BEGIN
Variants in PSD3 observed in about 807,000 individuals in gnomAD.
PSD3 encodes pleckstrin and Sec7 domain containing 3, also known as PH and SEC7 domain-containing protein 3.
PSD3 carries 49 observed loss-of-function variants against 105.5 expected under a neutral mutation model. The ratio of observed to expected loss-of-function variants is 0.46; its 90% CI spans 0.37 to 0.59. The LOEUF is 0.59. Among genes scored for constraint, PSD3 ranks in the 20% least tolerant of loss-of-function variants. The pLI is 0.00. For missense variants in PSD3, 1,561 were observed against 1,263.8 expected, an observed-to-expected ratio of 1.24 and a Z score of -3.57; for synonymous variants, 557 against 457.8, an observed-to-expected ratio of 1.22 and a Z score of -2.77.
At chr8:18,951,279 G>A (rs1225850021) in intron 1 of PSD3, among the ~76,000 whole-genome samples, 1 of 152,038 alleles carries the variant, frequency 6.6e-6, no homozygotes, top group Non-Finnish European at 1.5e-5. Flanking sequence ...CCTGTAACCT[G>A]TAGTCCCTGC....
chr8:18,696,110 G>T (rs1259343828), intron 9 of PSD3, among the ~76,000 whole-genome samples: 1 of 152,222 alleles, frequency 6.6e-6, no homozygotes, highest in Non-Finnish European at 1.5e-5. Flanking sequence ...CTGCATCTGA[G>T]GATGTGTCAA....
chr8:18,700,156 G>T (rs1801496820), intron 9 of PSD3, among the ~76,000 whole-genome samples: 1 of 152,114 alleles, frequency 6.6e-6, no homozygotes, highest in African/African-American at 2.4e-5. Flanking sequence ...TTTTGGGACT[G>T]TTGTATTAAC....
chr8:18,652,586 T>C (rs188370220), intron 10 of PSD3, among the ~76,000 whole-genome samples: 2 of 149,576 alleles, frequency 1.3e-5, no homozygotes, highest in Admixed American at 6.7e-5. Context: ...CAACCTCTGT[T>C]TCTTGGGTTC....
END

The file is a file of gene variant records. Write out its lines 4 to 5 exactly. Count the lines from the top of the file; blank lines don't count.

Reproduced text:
At chr8:18,951,279 G>A (rs1225850021) in intron 1 of PSD3, among the ~76,000 whole-genome samples, 1 of 152,038 alleles carries the variant, frequency 6.6e-6, no homozygotes, top group Non-Finnish European at 1.5e-5. Flanking sequence ...CCTGTAACCT[G>A]TAGTCCCTGC....
chr8:18,696,110 G>T (rs1259343828), intron 9 of PSD3, among the ~76,000 whole-genome samples: 1 of 152,222 alleles, frequency 6.6e-6, no homozygotes, highest in Non-Finnish European at 1.5e-5. Flanking sequence ...CTGCATCTGA[G>T]GATGTGTCAA....